Neil Young, the Who, Pearl Jam, Take It to the Bridge - Rolling Stone
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Neil Young, the Who, Pearl Jam, Take It to the Bridge

Neil Young, the Who, Pearl Jam, Take It to the Bridge

Endurance was the theme of the lucky thirteen, Halloween eve edition of the annual Bridge School concert Saturday night at Shoreline Amphitheater in Mountain View, Calif.| Spanning more than eight and a half hours and nine sets of largely acoustic music — ten if you count two sets by Neil Young — the annual fund raiser organized by Young and his wife Pegi benefits a school for children with severe speech and learning disabilities. And it grows more interesting with each passing year.

Opening with warm, solo renditions of “I Am a Child,” “Good to See You” and “Heart of Gold,” Young promptly called Lucinda Williams to the stage with sidemen John Jackson and Jim Lauderdale. After freewheeling through a few songs and flubbed notes (“Now that the ice is broken…,” she laughed), Williams welcomed special guest Emmylou Harris and Young back to the stage for a harmonious “Greenville” and her signature tune, “Sweet Old World.”

No strangers to the Bridge concerts, Smashing Pumpkins Billy Corgan, guitarist James Iha and percussionist Jimmy Chamberlain brought covers to the party, including the subdued “Stay (Faraway, So Close)” by U2 and “Ol’ 55,” a tip of the hat to its composer, Tom Waits, also on the bill.

Fearless trio Green Day (augmented by “Jason — a friend of ours,” on guitar) left the electrics and profanities at home, yet managed to crank the volume for a crowd-assaulting “Longview;” they lowered it for “Good Riddance” and fell somewhere in between for the brand new “Warning.”

Legendary former Beach Boy Brian Wilson was in golden form, making dedications throughout his lengthy set. Backed by an eight-piece band (down from his usual ten-person lineup, which includes members of the L.A. power-pop group the Wondermints), the notoriously stage-frightened performer focused to deliver flawless versions of classics from “Surfer Girl” to “Good Vibrations.” The sides of the stage were packed with onlookers. He dedicated a new song, “Lay Down Burden,” to his deceased brother Carl;” “God Only Knows” went to the Youngs: “This is for Neil, Pegi and their sons Ben and Zeke. This is a beautiful song.” It was indeed. Then, Young, Sheryl Crow and Eddie Vedder joined for “Surfin’ USA. After thanking “the great Neil Young,” Wilson made one final dedication, the shimmering “Love and Mercy,” to the children of the Bridge School.

Bridge returnees Pearl Jam (with Matt Cameron from Soundgarden filling in on drums), were on a between-albums oldies jag; they incorporated Arthur Alexander’s “Soldier of Love” and J. Frank Wilson’s “Last Kiss” into their otherwise somber set, which included “Footsteps” and “Elderly Woman Behind the Counter in a Small Town.”

Tom Waits was in unusually gruff voice when he hunched up to his percussive stage riser. He didn’t hit his tramp-with-a-heart-of-gold stride with his band till midway through the hopeful “Hold On.”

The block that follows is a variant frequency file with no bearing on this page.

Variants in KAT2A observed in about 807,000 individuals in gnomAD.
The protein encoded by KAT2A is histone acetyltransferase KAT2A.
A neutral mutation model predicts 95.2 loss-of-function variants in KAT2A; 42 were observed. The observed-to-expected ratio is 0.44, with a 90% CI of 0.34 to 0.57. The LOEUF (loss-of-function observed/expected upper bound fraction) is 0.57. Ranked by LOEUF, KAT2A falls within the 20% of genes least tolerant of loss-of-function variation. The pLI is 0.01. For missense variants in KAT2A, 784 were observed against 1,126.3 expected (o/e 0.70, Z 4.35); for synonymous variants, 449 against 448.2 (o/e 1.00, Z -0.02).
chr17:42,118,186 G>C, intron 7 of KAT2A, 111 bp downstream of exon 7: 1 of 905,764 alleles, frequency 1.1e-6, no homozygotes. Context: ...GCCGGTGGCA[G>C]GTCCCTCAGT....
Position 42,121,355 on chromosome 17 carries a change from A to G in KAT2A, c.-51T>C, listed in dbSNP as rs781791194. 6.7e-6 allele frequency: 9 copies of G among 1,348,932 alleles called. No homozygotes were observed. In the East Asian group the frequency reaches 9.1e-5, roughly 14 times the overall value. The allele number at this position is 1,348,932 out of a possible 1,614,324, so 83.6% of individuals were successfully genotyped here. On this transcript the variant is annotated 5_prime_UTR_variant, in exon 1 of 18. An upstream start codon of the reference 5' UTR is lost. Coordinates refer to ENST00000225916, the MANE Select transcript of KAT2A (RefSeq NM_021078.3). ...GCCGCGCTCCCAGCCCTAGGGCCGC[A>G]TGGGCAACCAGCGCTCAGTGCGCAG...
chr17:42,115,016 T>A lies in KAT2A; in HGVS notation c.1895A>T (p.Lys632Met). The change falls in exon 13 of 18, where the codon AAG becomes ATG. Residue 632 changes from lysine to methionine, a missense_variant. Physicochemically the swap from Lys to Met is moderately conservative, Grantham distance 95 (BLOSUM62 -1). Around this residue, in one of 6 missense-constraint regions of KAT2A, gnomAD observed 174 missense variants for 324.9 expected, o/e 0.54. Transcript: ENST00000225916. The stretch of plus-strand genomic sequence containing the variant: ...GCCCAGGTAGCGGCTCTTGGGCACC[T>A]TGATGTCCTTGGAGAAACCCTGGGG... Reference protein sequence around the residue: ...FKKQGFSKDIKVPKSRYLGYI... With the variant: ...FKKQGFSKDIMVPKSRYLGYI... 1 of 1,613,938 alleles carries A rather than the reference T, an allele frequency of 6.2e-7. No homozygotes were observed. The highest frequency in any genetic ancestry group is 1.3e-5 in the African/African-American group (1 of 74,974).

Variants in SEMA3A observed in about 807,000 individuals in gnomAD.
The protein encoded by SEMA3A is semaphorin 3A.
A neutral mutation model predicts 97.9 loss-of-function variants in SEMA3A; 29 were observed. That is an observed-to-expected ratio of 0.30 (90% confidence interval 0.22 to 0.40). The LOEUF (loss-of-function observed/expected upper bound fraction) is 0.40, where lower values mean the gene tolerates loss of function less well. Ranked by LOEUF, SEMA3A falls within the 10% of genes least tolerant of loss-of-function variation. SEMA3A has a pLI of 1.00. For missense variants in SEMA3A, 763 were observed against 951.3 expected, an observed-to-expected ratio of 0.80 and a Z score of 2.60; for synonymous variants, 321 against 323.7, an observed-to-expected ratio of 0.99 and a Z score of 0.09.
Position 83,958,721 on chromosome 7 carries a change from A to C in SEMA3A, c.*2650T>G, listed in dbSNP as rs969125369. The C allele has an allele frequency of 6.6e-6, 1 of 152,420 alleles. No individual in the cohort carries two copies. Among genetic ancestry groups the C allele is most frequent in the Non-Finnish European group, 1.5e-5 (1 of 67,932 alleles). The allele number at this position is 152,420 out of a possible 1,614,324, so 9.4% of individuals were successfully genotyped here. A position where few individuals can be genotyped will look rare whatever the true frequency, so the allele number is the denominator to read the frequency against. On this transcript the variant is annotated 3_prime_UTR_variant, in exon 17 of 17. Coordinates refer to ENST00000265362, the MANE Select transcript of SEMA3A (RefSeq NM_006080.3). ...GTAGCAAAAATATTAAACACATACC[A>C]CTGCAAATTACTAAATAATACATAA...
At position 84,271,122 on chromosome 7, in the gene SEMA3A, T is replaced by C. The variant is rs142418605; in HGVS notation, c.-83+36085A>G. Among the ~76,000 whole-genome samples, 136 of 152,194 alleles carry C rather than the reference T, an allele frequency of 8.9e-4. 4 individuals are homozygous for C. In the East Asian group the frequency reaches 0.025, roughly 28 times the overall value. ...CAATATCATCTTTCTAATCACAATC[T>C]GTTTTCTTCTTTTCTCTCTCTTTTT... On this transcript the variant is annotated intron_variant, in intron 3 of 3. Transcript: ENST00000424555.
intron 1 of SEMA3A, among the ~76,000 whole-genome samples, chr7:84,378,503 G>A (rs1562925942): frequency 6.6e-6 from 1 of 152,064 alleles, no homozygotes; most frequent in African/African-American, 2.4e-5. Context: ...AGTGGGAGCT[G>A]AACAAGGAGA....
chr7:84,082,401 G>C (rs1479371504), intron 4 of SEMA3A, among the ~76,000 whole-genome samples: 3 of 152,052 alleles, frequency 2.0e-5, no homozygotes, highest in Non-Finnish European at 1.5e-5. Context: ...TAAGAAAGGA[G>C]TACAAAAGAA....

“This is for everyone that might be a little like me — if you have difficulty getting up on Sunday morning and going to church,” he said before “Chocolate Jesus,” delivered on megaphone. After knocking around with one-liners at the piano for “Tango Till They’re Sore” and “Innocent When You Dream,” he checked out with his classic, “Tom Traubert’s Blues.”

When Pegi Young introduced her “best friend, Neil Young” to the stage, he gave her a kiss then ambled toward his semi-circle arsenal of acoustic guitars. Delivering versions in the spirit of his 1999 acoustic tour, Young seemed swept up by the lovefest spirit and offered a fond “Harvest Moon” as well as the newer “Lookin’ Forward” and “Out of Control.” The verse to “Long May You Run” (tackled dirge-like on pump organ) rang particularly sweet: “Maybe the Beach Boys have got you now, with those waves singing ‘Caroline No’…”

“Y’all are great because you come here to see all these people and every year you get to see me,” said Young without a shade of false modesty.

In the anti-climax of the evening, rhinestone-cowgirl-fashioned Sheryl Crow took the stage with her minimalist band. She delivered the hits — from “Leaving Las Vegas” to “Strong Enough” — but she could’ve saved the excessive chat about her love life for a session with her therapist.

The Youngs stood awestruck at the side of the stage to watch the grand finale as the Who provided the night’s quotient of rock & roll mayhem. Though formerly the world’s loudest rock band (they’ve nudged the volume down), the three original members — Roger Daltrey, Pete Townshend and John Entwistle — are still angry enough to make a convincing noise. They roused the crowd to their feet with “Substitute” and “I Can’t Explain.” Though Townshend’s barbed wit may have left some puncture holes — he introduced “Mary Anne with the Shaky Hands” to a stage full of physically impaired children, he criticized Tom Waits’ physical attributes and claimed he’d had sex with John Lennon (“Not really — oops, I forgot where I was for a minute!”) — all was forgiven with his famous guitar interlude of “Won’t Get Fooled Again” and the anthemic “The Kids Are Alright.”

By the time Pearl Jam, Billie Joe Armstrong, Sheryl Crow, Emmylou Harris, the Who and Young reassembled onstage for the traditional show closing jam, Young couldn’t have picked a more apt song through which to lead his herd: “I Shall Be Released.” Nearly eight-and-a-half hours after the all-star revue commenced, it was high time to be freed.


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